Taupier announces new grading system for distance learning


(Ethan Swope)

By Logan Little, Editor in Chief

Updated May 25, 2020.

The Tamalpais Union High School District introduced a “Universal Pass” grading system on April 20 for the remainder of the second semester. All students who are considered in “good standing” in their academic courses will receive an A (100 percent) in their R5 and R6 courses. These will be averaged with their R4 grades to determine their final semester grades, according to an email from the district on April 20.
The new system was created to adjust academic standards to the distance learning environment.
“Our primary goal with distance learning was to maintain some level of learning while caring for the whole child. We do not feel we can accurately assess student learning in the distance format, yet we wish to keep those who are able, engaged in learning for the remainder of the semester,” district superintendent Tara Taupier wrote in the email.
“A student is considered in ‘good standing’ by participating in distance learning, to the best of their abilities given their individual circumstances, through the end of the semester,” Taupier wrote. “Any student who is deemed not in good standing may be issued an Incomplete for the semester.”
Several teachers expressed support for the new grading policy.
“Distance learning creates a huge equity issue that must be taken into account every second while this is happening. I’ve also noticed that my students with anxiety and executive functioning deficits are feeling those things tenfold,“ special education teacher Cristine Costello said. “There was no clean-cut decision to be made, but the Universal A policy takes into account students that need more support and consideration at this time.”
English teacher Austin Bah, who described the new policy as “fine to me,” believes students may gain more from a low-pressure environment.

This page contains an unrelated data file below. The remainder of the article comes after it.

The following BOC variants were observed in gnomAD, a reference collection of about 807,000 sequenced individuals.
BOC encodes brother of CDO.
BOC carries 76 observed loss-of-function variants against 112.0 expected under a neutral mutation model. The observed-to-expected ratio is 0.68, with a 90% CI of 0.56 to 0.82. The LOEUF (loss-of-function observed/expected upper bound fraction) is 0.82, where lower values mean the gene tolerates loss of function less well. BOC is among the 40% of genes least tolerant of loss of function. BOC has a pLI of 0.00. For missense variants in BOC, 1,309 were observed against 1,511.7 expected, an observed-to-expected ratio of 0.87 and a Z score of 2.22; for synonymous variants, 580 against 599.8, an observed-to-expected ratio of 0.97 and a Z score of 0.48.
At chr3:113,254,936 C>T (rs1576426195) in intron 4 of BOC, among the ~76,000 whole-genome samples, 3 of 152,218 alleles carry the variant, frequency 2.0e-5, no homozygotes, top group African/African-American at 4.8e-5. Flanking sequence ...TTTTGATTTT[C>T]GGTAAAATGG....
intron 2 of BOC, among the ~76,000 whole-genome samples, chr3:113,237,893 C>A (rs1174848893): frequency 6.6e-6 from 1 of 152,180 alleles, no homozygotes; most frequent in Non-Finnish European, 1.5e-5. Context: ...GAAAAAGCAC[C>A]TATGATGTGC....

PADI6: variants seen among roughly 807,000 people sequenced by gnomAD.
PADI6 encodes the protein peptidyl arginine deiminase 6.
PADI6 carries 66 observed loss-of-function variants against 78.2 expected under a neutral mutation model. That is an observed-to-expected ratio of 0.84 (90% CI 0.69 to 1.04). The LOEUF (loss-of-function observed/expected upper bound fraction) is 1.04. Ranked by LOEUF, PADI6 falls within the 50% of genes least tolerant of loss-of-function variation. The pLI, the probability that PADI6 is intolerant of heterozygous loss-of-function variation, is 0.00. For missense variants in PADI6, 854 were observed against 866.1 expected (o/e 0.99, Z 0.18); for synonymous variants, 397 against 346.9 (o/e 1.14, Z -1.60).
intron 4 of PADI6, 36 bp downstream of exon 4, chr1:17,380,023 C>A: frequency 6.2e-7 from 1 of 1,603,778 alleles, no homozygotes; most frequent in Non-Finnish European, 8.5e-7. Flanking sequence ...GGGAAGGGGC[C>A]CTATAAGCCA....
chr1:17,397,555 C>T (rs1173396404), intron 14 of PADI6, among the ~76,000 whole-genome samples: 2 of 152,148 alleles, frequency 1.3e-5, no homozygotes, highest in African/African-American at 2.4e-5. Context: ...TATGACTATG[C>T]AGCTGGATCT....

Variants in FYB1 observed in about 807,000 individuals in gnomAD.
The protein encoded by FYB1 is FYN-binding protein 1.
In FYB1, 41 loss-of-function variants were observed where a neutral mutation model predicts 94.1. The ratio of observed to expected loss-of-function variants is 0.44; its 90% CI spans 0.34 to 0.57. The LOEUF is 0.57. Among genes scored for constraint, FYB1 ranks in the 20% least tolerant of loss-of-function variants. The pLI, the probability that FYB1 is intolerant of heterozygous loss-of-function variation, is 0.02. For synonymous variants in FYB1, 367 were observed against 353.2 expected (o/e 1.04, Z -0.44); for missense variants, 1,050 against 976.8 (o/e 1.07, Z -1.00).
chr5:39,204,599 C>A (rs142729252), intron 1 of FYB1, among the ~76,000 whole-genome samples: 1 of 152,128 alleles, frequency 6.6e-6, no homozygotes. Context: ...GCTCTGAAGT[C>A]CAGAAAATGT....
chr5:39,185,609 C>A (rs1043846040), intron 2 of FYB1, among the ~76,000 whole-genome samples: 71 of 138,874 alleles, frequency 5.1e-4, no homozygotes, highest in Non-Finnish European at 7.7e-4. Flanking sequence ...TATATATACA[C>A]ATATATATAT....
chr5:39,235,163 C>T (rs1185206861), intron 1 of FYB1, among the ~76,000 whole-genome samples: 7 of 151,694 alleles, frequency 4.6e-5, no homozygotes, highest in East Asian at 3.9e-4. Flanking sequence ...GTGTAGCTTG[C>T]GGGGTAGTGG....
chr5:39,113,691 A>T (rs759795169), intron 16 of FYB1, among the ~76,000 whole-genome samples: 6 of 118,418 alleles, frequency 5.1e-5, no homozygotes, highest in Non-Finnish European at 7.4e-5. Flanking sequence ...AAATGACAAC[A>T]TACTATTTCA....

“In some ways, we are freer to learn if we don’t have to worry about grades too much. The new system seems pretty generous, but why not be?” Bah said. “I worry most for the inequity we cause elsewhere where students are being held to really high standards, and are expected to sit for hours, to stay visually logged in and on-screen so their teachers can see them for the whole time.”
Students have a variety of opinions about the new system.
“I think it’s one of the best decisions that the administration has made toward the whole pandemic,” sophomore Adrien Gontheir said. “It truly helps students out a lot and gives them the opportunity to go from not passing a class to exceeding drastically.”
Junior Cassandra Peterson said, “It’s equitable for those unable to give 100 percent effort at this time, but it also allows students, specifically juniors, to maintain a solid grade point average.”
Some are worried the policy will hurt them academically.
“It feels a little more unfair just because it’s almost as if it didn’t matter that we had been working really hard because people putting no effort in got the same grade,” sophomore Nina Lawson said.
Additionally, several juniors raised concerns about the Universal Pass policy for the college admissions process in 2021.
“It will cause students who would otherwise academically stand out to colleges not be able to,” junior Zachary Wienfield said.
“Obviously an A won’t look as good with this system, but it is also the school policy for the semester,” junior Abigail Albert said. “If a college admissions officer is going to discredit a semester of work due to a school policy caused by a pandemic, then that might be a sign of a school I wouldn’t be too happy at anyway.”
On April 1, the University of California suspended the requirement for SAT or ACT scores from freshman applicants until fall 2024 and the requirement for letter grades in “a” through “g” courses completed in the winter, spring, and summer of 2020.
The UC system maintains the admission process will be just as competitive as prior years.
“This does not lower the bar for admission, but accommodates the real barriers students have faced as tests have been canceled and classes have moved to Pass/No Pass grading,” the UC system said in a press release.
Several colleges including all Oregon public universities and schools such as Boston, Pepperdine, and Washington University have announced they will not require the SAT or ACT for fall 2021 admissions.
District leaders argue that ensuring student equity during distance learning takes priority over potential academic consequences.
“There is no perfect answer to the conundrum we are facing. I know some of you would not choose this option, but for many, the circumstances in which they find themselves at this moment in time is not a choice,” Taupier wrote in an email to the district.